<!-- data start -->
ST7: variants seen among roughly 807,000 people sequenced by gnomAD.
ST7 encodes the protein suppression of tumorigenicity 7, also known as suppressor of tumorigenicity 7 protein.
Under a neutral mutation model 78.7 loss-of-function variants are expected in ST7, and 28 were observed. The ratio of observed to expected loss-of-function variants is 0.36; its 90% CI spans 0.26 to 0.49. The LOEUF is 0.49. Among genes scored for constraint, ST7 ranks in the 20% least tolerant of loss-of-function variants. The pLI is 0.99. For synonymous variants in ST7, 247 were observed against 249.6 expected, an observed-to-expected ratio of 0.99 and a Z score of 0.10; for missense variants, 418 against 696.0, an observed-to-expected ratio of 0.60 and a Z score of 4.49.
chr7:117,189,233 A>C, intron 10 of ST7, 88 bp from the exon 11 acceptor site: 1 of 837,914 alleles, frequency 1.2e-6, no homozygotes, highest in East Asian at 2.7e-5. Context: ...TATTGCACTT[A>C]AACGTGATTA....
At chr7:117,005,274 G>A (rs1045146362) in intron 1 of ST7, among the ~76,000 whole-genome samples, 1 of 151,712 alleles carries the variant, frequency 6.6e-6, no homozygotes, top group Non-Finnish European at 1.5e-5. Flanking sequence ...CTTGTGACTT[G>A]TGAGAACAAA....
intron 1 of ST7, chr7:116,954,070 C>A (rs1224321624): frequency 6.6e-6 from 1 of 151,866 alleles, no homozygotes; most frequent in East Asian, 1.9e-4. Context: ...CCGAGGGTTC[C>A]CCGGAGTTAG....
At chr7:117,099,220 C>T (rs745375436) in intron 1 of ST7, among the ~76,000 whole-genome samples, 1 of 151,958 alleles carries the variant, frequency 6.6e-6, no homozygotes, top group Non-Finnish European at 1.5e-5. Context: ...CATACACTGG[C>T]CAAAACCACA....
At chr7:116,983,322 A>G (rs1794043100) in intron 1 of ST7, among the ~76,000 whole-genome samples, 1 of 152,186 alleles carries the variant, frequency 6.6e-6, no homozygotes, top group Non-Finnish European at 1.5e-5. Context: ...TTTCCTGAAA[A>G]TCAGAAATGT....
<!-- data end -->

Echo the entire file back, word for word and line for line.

ST7: variants seen among roughly 807,000 people sequenced by gnomAD.
ST7 encodes the protein suppression of tumorigenicity 7, also known as suppressor of tumorigenicity 7 protein.
Under a neutral mutation model 78.7 loss-of-function variants are expected in ST7, and 28 were observed. The ratio of observed to expected loss-of-function variants is 0.36; its 90% CI spans 0.26 to 0.49. The LOEUF is 0.49. Among genes scored for constraint, ST7 ranks in the 20% least tolerant of loss-of-function variants. The pLI is 0.99. For synonymous variants in ST7, 247 were observed against 249.6 expected, an observed-to-expected ratio of 0.99 and a Z score of 0.10; for missense variants, 418 against 696.0, an observed-to-expected ratio of 0.60 and a Z score of 4.49.
chr7:117,189,233 A>C, intron 10 of ST7, 88 bp from the exon 11 acceptor site: 1 of 837,914 alleles, frequency 1.2e-6, no homozygotes, highest in East Asian at 2.7e-5. Context: ...TATTGCACTT[A>C]AACGTGATTA....
At chr7:117,005,274 G>A (rs1045146362) in intron 1 of ST7, among the ~76,000 whole-genome samples, 1 of 151,712 alleles carries the variant, frequency 6.6e-6, no homozygotes, top group Non-Finnish European at 1.5e-5. Flanking sequence ...CTTGTGACTT[G>A]TGAGAACAAA....
intron 1 of ST7, chr7:116,954,070 C>A (rs1224321624): frequency 6.6e-6 from 1 of 151,866 alleles, no homozygotes; most frequent in East Asian, 1.9e-4. Context: ...CCGAGGGTTC[C>A]CCGGAGTTAG....
At chr7:117,099,220 C>T (rs745375436) in intron 1 of ST7, among the ~76,000 whole-genome samples, 1 of 151,958 alleles carries the variant, frequency 6.6e-6, no homozygotes, top group Non-Finnish European at 1.5e-5. Context: ...CATACACTGG[C>T]CAAAACCACA....
At chr7:116,983,322 A>G (rs1794043100) in intron 1 of ST7, among the ~76,000 whole-genome samples, 1 of 152,186 alleles carries the variant, frequency 6.6e-6, no homozygotes, top group Non-Finnish European at 1.5e-5. Context: ...TTTCCTGAAA[A>G]TCAGAAATGT....